Max Balatbat has taken it upon himself to
document the invisible human condition contained
within visible degraded spaces which he depicts
with crisscrossed checkered or gingham patterns.
Calling his style, “Architectural Abstraction,”
Balatbat did not have to look far to find
inspiration, developing his ideas from the infinite
well of stories residing in the busy bustling streets
of his home in Caloocan. A Caloocan native since
birth, Balatbat had witnessed the activities of the
brothels in his area, and in his eyes the working
girls were more than their job, more than whatever circumstance in their life led them to be. They were people, a human heart and soul residing
within flesh and bone, suffocating under the vastness of the urban landscape.
He has become an advocate, giving a voice to the voiceless, challenging others to pay attention to the people who have been shunned and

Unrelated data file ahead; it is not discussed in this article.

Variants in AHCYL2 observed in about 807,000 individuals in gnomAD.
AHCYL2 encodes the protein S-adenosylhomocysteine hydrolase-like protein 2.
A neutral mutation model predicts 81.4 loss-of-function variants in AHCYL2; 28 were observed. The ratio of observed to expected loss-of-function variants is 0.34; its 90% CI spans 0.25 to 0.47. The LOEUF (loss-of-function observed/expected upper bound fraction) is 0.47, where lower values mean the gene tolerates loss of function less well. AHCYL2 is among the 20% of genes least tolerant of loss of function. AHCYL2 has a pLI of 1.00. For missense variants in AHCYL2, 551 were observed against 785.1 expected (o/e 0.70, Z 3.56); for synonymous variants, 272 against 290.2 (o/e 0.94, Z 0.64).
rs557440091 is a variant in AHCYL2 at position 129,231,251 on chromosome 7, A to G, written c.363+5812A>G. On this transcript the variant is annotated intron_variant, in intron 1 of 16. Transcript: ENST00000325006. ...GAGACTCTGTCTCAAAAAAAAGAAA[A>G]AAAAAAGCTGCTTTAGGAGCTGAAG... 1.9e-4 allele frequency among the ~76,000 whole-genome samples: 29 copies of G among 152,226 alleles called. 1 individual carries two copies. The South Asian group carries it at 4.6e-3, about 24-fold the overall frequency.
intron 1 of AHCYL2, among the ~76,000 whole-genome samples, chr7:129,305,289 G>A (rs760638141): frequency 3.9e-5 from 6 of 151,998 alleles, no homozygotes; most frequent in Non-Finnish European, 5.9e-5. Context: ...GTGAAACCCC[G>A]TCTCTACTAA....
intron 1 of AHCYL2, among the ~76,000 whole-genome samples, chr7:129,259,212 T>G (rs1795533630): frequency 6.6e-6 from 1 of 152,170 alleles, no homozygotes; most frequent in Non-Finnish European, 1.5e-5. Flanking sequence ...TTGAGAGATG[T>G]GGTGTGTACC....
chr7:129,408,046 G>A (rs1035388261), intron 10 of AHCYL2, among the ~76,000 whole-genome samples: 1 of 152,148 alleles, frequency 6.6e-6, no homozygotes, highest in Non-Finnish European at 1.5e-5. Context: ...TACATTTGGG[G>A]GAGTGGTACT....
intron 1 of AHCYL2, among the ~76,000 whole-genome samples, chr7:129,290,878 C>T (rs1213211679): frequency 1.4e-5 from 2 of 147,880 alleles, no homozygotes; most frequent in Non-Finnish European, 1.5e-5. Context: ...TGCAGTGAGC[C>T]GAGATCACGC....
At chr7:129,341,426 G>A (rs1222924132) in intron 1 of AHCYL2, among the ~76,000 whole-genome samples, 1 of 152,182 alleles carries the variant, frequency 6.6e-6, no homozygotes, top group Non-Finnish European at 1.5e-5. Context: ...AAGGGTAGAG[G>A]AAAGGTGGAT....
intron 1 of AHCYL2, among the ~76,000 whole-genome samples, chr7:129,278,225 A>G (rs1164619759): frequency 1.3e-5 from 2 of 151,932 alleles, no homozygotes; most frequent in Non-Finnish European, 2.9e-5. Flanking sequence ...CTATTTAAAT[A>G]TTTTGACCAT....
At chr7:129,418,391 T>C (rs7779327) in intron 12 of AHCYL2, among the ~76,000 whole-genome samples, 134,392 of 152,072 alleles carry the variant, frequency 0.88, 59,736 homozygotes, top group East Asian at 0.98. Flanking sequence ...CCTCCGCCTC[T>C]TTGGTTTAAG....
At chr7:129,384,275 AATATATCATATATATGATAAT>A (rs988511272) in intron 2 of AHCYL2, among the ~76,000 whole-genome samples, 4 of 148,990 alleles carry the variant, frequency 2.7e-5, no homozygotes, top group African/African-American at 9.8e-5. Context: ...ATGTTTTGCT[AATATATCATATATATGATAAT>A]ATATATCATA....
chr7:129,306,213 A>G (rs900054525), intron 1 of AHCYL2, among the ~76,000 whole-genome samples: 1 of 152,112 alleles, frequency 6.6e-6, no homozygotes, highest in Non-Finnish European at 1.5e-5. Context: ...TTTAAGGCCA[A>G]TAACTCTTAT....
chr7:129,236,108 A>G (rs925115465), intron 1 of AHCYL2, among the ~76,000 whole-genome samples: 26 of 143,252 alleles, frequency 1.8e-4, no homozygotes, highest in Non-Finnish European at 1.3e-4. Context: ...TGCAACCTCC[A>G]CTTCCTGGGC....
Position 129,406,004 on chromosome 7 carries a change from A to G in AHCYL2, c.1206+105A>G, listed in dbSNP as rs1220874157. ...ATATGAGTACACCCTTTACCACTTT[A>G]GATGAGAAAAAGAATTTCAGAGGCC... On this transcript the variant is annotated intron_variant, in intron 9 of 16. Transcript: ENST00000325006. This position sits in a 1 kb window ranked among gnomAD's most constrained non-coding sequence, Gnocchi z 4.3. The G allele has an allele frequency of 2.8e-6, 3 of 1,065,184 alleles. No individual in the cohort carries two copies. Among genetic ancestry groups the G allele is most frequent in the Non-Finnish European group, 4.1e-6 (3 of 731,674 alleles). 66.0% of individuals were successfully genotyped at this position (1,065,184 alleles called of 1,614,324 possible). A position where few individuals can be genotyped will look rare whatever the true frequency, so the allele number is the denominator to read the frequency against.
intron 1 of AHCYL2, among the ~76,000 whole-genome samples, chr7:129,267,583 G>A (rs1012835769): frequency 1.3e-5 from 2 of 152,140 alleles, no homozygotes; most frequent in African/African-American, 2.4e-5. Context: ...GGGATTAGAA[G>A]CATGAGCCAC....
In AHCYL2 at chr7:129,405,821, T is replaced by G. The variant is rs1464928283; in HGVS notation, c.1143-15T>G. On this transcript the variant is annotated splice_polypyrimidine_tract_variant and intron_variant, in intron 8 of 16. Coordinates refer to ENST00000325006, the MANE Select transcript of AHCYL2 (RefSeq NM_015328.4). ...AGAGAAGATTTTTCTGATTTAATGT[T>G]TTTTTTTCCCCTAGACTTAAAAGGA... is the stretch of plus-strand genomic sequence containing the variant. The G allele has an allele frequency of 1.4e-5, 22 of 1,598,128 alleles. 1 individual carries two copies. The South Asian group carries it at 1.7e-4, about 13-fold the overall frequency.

misunderstood by society, giving beauty to what others have misjudged as repellent. Studying Architecture in Far Eastern University before
moving on to University of the East to pursue a course in Fine Arts, Balatbat is an abstractionist with a social realist twist. His work is captivating
and stunning for its aesthetic quality; however, lurking underneath the layers of color and textures is a fascinating narrative. With each work,
Balatbat proves that you can have beauty without sacrificing substance, and more importantly that beauty itself resides in the unlikeliest places.